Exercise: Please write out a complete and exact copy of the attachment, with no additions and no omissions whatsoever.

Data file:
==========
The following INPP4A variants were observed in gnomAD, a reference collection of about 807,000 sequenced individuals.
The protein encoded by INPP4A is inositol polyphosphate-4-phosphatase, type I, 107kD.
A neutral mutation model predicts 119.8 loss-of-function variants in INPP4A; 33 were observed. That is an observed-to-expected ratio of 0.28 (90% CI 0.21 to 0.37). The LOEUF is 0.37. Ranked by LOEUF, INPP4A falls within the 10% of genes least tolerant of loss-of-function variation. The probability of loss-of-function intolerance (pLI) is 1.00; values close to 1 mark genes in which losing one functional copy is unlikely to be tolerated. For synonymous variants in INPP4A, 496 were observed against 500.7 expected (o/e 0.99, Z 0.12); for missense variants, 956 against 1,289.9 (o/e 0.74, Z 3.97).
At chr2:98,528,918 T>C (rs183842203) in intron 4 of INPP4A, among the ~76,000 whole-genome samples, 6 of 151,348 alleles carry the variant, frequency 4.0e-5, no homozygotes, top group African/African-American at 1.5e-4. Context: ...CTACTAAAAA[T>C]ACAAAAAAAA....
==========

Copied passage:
The following INPP4A variants were observed in gnomAD, a reference collection of about 807,000 sequenced individuals.
The protein encoded by INPP4A is inositol polyphosphate-4-phosphatase, type I, 107kD.
A neutral mutation model predicts 119.8 loss-of-function variants in INPP4A; 33 were observed. That is an observed-to-expected ratio of 0.28 (90% CI 0.21 to 0.37). The LOEUF is 0.37. Ranked by LOEUF, INPP4A falls within the 10% of genes least tolerant of loss-of-function variation. The probability of loss-of-function intolerance (pLI) is 1.00; values close to 1 mark genes in which losing one functional copy is unlikely to be tolerated. For synonymous variants in INPP4A, 496 were observed against 500.7 expected (o/e 0.99, Z 0.12); for missense variants, 956 against 1,289.9 (o/e 0.74, Z 3.97).
At chr2:98,528,918 T>C (rs183842203) in intron 4 of INPP4A, among the ~76,000 whole-genome samples, 6 of 151,348 alleles carry the variant, frequency 4.0e-5, no homozygotes, top group African/African-American at 1.5e-4. Context: ...CTACTAAAAA[T>C]ACAAAAAAAA....